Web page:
We’re continuing to work our way through the latest offerings from NECA as it pertains to the Teenage Mutant Ninja Turtles. A lot of collectors are presently going nuts trying to track down the cartoon wave at Target or the movie figures at Walmart, meanwhile anyone wishing to collect the video game line is just sitting back and waiting for the package to arrive. That’s because the video game series, currently consisting solely of figures based on the Konmai classic Turtles in Time, is sold through online retailers and comic/hobby shops and have been available for pre-order since January. Wave 2 just hit in mid-to-late July and should be in the hands of most of the people who ordered them very soon. The wave consists of four figures: Raphael, Michelangelo, Leatherhead, and Shredder. Yours truly isn’t big into this line, but I did place a pre-order for Shredder and he has just arrived.
If you’re not familiar with this line, it’s basically a series consisting mostly of previously released figures with a new, pixelated, paint deco applied. There is some new tooling involved though, so it isn’t all just funny paint. Earlier this year we looked at Slash from the first wave who utilizes the same body as the other turtles, but has an all new and all different headsculpt as well as different pieces on his person. Shredder is not quite that extreme, but he is a bit different from the Shredder we received in the cartoon line. This Shredder is based on the arcade version of Turtles in Time. If you primarily played the home version, then he may seem a little unfamiliar. That’s because the Super Nintendo version of the game replaced the boss fight against this Shredder with one against Super Shredder. I am partial to the Super Shredder fight, but this Shredder caught my eye because he has a wild paint design with a hot pink cape and lots of magenta and purple mixed in. He also has some neat effects pieces that I’ll get to in a bit.
Shredder comes packaged in a window box designed to mimic the old arcade cabinet. All of the figures in this line come in the same style of box with the only difference being the figures on the back. Some online vendors have listed this figure as Super Shredder, but as you can see just by looking at the box, he’s intended to just be Shredder.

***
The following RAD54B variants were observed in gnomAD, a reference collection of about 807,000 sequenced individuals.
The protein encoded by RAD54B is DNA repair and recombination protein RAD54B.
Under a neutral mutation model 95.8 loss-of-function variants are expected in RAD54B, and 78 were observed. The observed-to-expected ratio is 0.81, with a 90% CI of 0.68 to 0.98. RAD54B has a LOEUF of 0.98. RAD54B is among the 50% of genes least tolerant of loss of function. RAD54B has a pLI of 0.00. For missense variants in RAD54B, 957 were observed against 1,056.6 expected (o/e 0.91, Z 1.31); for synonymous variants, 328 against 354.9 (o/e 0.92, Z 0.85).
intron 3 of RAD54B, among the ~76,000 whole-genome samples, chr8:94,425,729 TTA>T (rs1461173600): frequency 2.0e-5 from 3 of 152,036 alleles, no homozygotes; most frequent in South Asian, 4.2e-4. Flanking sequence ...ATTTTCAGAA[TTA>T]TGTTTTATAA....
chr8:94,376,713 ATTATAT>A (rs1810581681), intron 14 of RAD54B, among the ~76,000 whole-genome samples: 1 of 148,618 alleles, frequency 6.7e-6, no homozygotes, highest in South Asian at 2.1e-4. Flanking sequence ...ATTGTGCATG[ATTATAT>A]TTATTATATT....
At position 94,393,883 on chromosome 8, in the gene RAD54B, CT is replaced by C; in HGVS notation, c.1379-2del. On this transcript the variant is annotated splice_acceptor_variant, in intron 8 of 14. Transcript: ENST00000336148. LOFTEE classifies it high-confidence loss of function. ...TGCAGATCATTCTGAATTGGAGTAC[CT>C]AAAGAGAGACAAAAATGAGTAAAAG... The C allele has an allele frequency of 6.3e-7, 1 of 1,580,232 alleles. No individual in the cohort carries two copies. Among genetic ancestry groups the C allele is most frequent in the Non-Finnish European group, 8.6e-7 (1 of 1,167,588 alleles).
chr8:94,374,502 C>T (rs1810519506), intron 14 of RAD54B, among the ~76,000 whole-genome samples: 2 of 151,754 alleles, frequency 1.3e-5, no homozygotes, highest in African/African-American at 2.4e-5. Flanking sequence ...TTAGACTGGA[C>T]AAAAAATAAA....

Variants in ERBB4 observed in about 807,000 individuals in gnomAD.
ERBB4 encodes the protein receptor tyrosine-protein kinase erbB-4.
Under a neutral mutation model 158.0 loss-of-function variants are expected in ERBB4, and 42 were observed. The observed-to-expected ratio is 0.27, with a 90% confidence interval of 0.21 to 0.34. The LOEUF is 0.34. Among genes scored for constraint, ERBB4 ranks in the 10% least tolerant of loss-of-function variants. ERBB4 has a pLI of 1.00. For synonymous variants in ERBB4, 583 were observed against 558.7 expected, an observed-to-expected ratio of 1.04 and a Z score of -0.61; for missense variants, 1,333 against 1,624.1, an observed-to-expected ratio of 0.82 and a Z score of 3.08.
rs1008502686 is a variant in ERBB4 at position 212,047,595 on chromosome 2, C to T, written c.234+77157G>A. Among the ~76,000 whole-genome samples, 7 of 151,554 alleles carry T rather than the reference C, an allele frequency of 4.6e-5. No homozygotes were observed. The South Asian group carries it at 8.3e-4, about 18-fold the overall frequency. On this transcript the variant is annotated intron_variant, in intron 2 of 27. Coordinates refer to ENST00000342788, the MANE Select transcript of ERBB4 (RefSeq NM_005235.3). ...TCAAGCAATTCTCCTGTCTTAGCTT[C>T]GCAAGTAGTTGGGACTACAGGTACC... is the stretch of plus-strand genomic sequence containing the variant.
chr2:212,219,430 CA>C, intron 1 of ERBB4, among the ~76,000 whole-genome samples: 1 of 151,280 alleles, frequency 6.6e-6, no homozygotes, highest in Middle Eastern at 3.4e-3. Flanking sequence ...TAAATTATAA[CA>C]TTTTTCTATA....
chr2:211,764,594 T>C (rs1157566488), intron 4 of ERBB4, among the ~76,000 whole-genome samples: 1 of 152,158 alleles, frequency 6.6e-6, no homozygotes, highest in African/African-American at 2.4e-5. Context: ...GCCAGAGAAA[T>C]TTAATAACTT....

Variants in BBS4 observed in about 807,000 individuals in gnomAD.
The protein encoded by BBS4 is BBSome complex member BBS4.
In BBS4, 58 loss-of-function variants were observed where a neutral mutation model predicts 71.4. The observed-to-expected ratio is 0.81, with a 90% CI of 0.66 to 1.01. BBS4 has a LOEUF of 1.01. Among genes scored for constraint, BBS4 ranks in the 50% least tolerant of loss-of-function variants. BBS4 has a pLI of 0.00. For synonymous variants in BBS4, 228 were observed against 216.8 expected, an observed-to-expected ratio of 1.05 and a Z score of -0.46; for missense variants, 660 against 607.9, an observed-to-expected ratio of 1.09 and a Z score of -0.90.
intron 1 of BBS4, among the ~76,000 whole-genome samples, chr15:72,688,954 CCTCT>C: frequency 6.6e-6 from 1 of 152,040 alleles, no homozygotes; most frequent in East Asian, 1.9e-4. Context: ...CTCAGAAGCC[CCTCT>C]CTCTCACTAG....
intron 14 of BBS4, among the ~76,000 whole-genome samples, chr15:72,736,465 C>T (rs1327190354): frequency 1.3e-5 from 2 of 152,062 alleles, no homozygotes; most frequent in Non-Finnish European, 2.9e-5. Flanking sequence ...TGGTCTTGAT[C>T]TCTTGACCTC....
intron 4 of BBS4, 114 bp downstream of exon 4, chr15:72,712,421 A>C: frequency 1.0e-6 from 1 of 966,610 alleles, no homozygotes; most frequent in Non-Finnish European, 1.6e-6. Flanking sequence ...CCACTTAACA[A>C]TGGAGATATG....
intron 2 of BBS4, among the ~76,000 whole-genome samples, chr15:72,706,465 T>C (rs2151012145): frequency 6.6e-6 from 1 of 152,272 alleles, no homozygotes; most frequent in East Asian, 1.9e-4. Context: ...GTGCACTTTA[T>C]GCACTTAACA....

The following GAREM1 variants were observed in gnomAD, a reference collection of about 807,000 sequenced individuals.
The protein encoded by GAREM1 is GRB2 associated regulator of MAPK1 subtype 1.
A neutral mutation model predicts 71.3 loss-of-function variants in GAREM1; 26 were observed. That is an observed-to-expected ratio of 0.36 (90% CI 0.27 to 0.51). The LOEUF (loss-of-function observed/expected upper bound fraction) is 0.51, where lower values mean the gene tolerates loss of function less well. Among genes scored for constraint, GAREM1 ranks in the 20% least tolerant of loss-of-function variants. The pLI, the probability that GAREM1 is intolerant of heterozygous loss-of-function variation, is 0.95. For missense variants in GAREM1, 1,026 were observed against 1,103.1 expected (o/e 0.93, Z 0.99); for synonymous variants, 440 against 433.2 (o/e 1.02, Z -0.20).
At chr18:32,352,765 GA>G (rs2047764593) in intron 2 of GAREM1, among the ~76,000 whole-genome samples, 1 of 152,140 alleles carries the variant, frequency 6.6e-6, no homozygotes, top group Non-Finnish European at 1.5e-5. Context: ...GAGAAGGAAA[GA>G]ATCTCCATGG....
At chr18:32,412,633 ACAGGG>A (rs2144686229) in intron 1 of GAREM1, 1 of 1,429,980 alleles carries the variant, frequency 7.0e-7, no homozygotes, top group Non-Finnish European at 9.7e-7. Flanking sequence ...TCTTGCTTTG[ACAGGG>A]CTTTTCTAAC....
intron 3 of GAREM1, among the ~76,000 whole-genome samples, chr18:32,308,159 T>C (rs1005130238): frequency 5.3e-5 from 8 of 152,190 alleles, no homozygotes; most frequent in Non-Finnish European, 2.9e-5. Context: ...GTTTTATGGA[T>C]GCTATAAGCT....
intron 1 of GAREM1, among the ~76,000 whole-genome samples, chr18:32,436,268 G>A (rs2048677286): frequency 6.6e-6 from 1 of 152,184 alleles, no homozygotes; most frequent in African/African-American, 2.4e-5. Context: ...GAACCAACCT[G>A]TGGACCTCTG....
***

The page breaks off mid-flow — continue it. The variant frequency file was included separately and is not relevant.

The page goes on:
If you have the cartoon Shredder, then you should know what to expect articulation wise here. Shredder has ball joints at the head and shoulders, though he doesn’t get a ton of movement out of either because of his cape, helmet, and shoulder pads. His arms can go all the way out, but can’t go up much. He has a swivel in his bicep and double-jointed elbows as well as a cut forearm. His hands rotate and are on hinges as well with in-out movement. He has a cut waist and if there’s any articulation in the main part of his abdomen it’s hard to tell because he has a piece of rubbery plastic serving as his shirt. He has good range of motion at the hips with ball joints and rotational articulation there. He has double-jointed knees and the calves swivel as well. A rarity for this line is the toe articulation as NECA seems to forego that detail frequently.
Where this Shredder differs from the prior one is just in the various armor pieces on his person. He still has a soft goods cape, but now he has fewer spikes on his shoulder pads, gauntlets, and shin guards. He makes up for this in what he does have for spikes are much longer and meaner looking. This is even true of the spikes wrapping around his helmet which are more pronounced as they come off of the back of the helmet. The gauntlets are also overall just bigger than before and the black wraps underneath are gone. He also has these little strips of “metal” at his ankle which is different from the cartoon version. Otherwise though, this is the same figure right down to the hands he comes with.
Shredder comes packed with fists that can pop off and be replaced with either gripping hands or a more open hand. The gripping hands are needed for Shredder’s sword, which is basically a light saber. It’s green and the paint is blended well on the “blade” to give it a glowing look. Why does Shredder have a light saber instead of a traditional sword? I don’t know – it was the 90s and swords just weren’t good enough. His fist hand works best with the fireball attachment he comes with. It’s a yellowish color and it fits over Shredder’s fist to give him a flaming punch effect. It’s a bit tough to wield as it’s not super snug and there’s some weight to it. By far the most interesting accessory is the big, flaming, hand. It clips onto Shredder’s forearm to resemble it shooting forward, as it does in the game. It is of Shredder’s right hand so you’ll probably want to clip it to his right arm, though if you wanted to nothing is stopping you from clipping it to his left. You can combine it with any of the hands, though I think it looks best with the open hand.